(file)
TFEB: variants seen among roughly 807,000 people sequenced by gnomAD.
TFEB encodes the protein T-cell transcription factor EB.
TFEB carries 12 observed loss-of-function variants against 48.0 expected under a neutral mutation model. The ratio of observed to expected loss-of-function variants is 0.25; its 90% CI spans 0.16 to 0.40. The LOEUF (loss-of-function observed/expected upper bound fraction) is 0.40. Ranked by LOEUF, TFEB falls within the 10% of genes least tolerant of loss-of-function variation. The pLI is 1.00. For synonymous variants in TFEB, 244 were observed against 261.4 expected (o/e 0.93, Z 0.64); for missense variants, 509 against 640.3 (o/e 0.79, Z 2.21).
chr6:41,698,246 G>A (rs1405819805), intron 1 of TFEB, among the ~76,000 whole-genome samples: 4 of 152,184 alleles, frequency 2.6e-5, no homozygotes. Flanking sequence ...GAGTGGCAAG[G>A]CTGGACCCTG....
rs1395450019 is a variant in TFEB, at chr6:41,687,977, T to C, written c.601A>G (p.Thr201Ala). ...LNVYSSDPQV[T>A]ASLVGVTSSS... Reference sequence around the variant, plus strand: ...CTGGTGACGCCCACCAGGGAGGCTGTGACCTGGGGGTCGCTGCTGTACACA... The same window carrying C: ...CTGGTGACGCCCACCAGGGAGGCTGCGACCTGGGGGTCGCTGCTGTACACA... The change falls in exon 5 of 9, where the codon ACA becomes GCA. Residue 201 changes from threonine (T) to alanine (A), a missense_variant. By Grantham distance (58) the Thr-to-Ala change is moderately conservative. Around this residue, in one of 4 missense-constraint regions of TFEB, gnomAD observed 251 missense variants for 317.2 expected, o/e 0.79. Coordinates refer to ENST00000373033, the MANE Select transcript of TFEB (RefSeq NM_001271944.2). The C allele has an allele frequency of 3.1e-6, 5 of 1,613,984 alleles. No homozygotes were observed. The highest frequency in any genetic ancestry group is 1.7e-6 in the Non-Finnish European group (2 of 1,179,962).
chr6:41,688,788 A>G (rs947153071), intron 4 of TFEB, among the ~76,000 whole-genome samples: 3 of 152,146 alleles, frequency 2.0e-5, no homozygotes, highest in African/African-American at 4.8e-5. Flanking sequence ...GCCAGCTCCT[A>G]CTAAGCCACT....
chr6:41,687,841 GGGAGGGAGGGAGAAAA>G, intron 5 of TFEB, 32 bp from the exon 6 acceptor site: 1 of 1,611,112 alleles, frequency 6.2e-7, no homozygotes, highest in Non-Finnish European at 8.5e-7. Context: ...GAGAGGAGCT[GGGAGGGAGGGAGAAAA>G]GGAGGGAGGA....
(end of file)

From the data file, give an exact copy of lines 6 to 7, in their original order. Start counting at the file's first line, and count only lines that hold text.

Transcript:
chr6:41,688,788 A>G (rs947153071), intron 4 of TFEB, among the ~76,000 whole-genome samples: 3 of 152,146 alleles, frequency 2.0e-5, no homozygotes, highest in African/African-American at 4.8e-5. Flanking sequence ...GCCAGCTCCT[A>G]CTAAGCCACT....
chr6:41,687,841 GGGAGGGAGGGAGAAAA>G, intron 5 of TFEB, 32 bp from the exon 6 acceptor site: 1 of 1,611,112 alleles, frequency 6.2e-7, no homozygotes, highest in Non-Finnish European at 8.5e-7. Context: ...GAGAGGAGCT[GGGAGGGAGGGAGAAAA>G]GGAGGGAGGA....